Raising Rebels — Catholic Answers Live

by Steve Ray on February 16, 2007

In Response to my Catholic Answers show
"Raising Rebels."

I am in Phoenix working on our next DVD but I will post recommended Books for Parents early next week. I already have a section for husbands and wives called Books for Lovers and will add a list of Books for Parents this coming week. I do have some audio talks on Raising a Catholic Family here. Stay tuned.

Click here to listen to the show on RealAudio over your computer speakers.

I was criticized afterwards for using the word rebel since someone objected that "Jesus is NOT a rebel!" After thanking the writer for his kind words to me personally and after I welcomed him into the Church as a new convert in 2006, I followed up with the following reply.

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I understand your concern regarding the word rebel. I am aware that it can have a negative connotation, but within the various accepted definitions of the word, I feel it is appropriate to use rebel for two reasons:
     1) Because it is a provocative title, "Raising Rebels" catches the attention of the listener and is very thought-provoking. We need to catch the attention and hearts of Catholics. It was a prudential decision on my part to use a word that would perk up peoples' ears. I could have used a humdrum title like "Raising Good Children" but I chose to use a more catchy title.
     2) Rebel has various definitions. I am not using it with the meaning of an armed insurrection. To restrict it to that limited definition would to be an injustice to the word which is rich with meaing. The way I was using the word in the context of raising our kids as Catholics in a pagan world is fully in harmony with the definition of the word rebel. See the definitions in blue below. According to the Cambridge Dictionary rebel is defined as:
rebel vb (rIÈbEl) -bels, -belling or -belled (intr; often foll by against) 1 to resist or rise up against a government or other authority, esp. by force of arms. 2 to dissent from an accepted moral code or convention of behaviour, dress, etc.. 3 to show repugnance (towards). w n (ÈrEb«l) 4 a a person who rebels. b (as modifier): a rebel soldier; a rebel leader 5 a person who dissents from some accepted moral code or convention of behaviour, dress, etc.. [C13: from Old French rebelle, from Latin rebellis insurgent, from re- + bellum war] h Èrebeldom Collins English Dictionary. 2000 (electronic ed.). Glasgow: HarperCollins.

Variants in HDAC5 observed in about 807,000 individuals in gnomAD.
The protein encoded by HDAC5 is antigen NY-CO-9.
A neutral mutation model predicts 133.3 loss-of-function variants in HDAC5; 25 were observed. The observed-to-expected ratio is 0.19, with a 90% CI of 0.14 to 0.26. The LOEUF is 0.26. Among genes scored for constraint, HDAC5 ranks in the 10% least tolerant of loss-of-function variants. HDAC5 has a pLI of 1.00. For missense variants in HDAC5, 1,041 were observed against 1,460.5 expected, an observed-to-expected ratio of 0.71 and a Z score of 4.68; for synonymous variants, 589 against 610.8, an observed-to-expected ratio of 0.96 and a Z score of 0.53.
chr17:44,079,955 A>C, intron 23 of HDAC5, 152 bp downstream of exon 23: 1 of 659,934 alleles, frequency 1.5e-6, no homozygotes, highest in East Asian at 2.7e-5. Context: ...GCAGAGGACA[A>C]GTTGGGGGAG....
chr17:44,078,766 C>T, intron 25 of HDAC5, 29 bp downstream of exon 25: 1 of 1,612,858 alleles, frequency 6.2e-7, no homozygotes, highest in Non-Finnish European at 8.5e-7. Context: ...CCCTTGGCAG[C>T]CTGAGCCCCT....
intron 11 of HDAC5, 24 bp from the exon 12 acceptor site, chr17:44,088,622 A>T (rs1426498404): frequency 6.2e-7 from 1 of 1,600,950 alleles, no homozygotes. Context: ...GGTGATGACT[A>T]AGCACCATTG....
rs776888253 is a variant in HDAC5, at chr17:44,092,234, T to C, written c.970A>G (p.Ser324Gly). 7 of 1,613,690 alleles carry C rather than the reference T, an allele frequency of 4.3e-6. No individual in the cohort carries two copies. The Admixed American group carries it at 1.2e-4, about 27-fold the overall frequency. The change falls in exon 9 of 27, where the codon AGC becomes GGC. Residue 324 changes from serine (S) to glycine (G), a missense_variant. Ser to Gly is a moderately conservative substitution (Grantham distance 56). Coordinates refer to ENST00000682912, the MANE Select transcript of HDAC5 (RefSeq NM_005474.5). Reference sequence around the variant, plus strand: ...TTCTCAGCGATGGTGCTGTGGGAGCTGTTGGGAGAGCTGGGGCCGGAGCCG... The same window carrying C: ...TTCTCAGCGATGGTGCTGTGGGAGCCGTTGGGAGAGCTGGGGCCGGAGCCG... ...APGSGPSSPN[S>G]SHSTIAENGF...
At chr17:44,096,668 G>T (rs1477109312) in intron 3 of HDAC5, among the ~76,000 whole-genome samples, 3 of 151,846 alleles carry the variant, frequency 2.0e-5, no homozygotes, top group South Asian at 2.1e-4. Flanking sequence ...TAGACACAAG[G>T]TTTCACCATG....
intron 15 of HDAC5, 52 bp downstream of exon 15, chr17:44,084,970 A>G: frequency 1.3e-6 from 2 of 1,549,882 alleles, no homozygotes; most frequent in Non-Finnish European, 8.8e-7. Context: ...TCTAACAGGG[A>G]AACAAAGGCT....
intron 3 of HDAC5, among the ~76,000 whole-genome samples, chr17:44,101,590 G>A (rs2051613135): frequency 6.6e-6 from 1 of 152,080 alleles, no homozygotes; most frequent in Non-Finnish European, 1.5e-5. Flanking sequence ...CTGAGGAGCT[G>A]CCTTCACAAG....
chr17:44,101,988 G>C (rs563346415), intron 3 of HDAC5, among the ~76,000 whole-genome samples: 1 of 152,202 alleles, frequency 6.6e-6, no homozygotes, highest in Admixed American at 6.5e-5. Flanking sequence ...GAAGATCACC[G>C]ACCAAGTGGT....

Now, if I remember right, I never said Jesus was a rebel on the show, but actually he was one who dissented from the current conventions and man-made traditions of the Jewish leaders. He called them hypocrites, white-washed sepulchres, and He did this not just to the Jewish leaders but also to the secular leaders — even calling King Herod the derrogatory word fox (Lk 13:32).  He was counter-cultural to the established powers. He stirred up what the leaders viewed as a rebellion. He was viewed as dangerous and subversive. He showed a repugnance toward them and their sin and hypocracy.
     I am encouraging the same — to resist and dissent from the sinful culture, the apathy toward God, and disrespect and murder of human life. Sometimes one must rebel, swim upstream, shout "NO" and be willing to die for it. We must fight injustice and sin in order to be fully in compliance with the will of God and the Law of Christ.
     So, while I understand the negative connotations that must have struck you with my use of the word, I find it acceptable and thought-provoking within the New Testment and the wider context.
     On my website I offer several audio CDs on this topic. Click here to see them. I have Raising Rebels, Raising our Kids to Love the Faith, Catholic Family: Disciplining our Kids, Catholic Family: Educating our Kids, and more.

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